Relationships Viewer: Development and QA
Foreword by QA Manager Archie Mitchell
I felt like I was hit by a ton of bricks while attending the 2011 StarEast Conference in Orlando, Florida last year. I was sitting in a huge conference room with thousands of other QA managers and professionals listening to the keynote speaker. In the middle of his speech, he says, “Test by Change is a known testing methodology”. For some reason, I had to contain myself from jumping up in the middle of this crowd and screaming "PERFORCE."
After mulling the statement: “Test by Change”, I thought, who knows about changes better than Perforce? In fact, we use this methodology at Perforce to test our software. When a developer makes a change to the code, QA does a verification of the change. But unfortunately this is not an automated process; this is where the light bulb went off in my head. What if Perforce created a test utility that all Perforce customers could use to automatically test by change? What would Perforce need to provide? And this is where the story gets interesting.
After returning from my trip, I presented the idea of a Test by Change utility to a few peers. Everyone I spoke with could see how useful a utility would be for our customers as well as internally. At this point, I had a lot of different ideas about what I would like in a Test by Change utility. I decided to run this idea by James Creasy, our Director of Product Technology, to see what he thought about the idea.
Before getting out of his office, he had already drawn up a prototype on his white board of some of the things developers and testers might expect from a Test by Change utility.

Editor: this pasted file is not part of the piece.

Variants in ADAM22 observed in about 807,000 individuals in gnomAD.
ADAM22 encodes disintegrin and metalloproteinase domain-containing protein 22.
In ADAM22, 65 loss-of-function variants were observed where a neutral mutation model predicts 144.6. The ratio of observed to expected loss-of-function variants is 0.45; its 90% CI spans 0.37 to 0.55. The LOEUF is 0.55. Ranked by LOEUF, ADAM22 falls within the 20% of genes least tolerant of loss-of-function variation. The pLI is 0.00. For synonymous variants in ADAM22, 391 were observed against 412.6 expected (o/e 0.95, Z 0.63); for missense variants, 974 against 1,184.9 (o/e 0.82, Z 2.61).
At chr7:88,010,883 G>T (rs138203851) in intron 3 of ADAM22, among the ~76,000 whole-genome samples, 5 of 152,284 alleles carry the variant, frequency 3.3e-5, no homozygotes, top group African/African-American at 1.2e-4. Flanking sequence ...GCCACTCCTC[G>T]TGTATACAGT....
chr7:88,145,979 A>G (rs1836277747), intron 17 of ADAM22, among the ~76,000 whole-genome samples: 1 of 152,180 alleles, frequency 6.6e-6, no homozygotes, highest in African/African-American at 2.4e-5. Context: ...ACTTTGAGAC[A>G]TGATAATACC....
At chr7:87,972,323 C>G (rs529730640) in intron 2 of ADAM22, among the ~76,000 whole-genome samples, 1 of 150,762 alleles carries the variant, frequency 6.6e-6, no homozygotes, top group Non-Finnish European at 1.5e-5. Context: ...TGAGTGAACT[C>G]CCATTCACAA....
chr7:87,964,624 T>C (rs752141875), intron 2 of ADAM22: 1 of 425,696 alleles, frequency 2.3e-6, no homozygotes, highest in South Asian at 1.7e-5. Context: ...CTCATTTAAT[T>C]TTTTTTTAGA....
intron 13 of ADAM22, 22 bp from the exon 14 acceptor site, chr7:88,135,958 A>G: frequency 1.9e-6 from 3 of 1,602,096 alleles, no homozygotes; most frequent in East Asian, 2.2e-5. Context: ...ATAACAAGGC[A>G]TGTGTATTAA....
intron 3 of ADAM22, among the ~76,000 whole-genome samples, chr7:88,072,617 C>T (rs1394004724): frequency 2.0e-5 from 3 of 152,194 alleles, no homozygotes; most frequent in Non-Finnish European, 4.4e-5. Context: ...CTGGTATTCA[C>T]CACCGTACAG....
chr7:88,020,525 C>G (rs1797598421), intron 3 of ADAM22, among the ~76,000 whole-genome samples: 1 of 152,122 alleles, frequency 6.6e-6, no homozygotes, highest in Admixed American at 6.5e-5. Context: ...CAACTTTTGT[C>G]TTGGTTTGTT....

Archie’s timing was perfect; I had been just been looking for a project for Product Technology’s summer intern, Andrew Lau. Andrew was able to turn my white board design into a running proof-of-concept during his 8 week internship here at Perforce. (Andrew has since joined Perforce full time, and works in QA on automation programming.)
The rest of this article describes the proof-of-concept web application that explores and displays the core information I thought would be needed to effectively support Archie’s vision of a “Test by Change” paradigm, backed by Perforce’s stored history of development changes and defects in the code base. Archie now has a tool that will help determine the feasibility of his idea.
White Board Design
Here’s a transcription of what was on my white board:
What we see here is a map of the relationships between many of the major types of objects that Development and QA jointly work with. Words in italics indicate a method of obtaining the relationship information.
For example, Development and QA at Perforce often communicate about code defects using the Perforce Jobs system. Jobs define collections of changelists as well as a relationship between the defect description and the changelists (specifically, that this collection of changelists fixes the described defect.) The relationship is revealed using the p4 fixes command. Similarly, changelists define collections of files via a list of depot paths. This relationship is described by the p4 change command.